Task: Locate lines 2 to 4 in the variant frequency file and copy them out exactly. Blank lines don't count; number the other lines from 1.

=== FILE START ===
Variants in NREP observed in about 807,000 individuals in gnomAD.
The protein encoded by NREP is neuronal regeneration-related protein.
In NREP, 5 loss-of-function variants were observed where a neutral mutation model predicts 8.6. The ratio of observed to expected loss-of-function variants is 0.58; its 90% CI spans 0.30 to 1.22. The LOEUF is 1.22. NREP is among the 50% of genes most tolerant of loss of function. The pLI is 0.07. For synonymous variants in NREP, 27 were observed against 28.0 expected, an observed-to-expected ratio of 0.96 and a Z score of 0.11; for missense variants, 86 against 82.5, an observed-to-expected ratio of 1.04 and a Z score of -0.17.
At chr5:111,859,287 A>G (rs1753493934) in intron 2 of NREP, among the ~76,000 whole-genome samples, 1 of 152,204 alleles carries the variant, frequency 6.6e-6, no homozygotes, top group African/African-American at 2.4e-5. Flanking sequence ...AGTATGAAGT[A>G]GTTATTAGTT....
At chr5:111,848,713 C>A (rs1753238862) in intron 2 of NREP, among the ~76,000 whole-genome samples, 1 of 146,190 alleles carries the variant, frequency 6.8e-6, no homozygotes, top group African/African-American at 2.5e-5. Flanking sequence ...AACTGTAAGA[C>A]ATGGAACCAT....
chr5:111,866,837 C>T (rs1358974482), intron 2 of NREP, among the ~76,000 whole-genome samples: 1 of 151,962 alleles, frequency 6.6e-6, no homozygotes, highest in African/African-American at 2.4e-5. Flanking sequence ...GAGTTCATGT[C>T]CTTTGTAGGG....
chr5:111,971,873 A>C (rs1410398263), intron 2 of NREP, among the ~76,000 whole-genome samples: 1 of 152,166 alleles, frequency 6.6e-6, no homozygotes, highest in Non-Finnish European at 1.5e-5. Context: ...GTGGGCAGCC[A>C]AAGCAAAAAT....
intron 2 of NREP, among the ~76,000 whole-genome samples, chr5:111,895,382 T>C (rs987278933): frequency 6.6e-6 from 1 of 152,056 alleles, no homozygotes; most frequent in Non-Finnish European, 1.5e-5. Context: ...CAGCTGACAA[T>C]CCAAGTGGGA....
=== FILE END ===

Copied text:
The protein encoded by NREP is neuronal regeneration-related protein.
In NREP, 5 loss-of-function variants were observed where a neutral mutation model predicts 8.6. The ratio of observed to expected loss-of-function variants is 0.58; its 90% CI spans 0.30 to 1.22. The LOEUF is 1.22. NREP is among the 50% of genes most tolerant of loss of function. The pLI is 0.07. For synonymous variants in NREP, 27 were observed against 28.0 expected, an observed-to-expected ratio of 0.96 and a Z score of 0.11; for missense variants, 86 against 82.5, an observed-to-expected ratio of 1.04 and a Z score of -0.17.
At chr5:111,859,287 A>G (rs1753493934) in intron 2 of NREP, among the ~76,000 whole-genome samples, 1 of 152,204 alleles carries the variant, frequency 6.6e-6, no homozygotes, top group African/African-American at 2.4e-5. Flanking sequence ...AGTATGAAGT[A>G]GTTATTAGTT....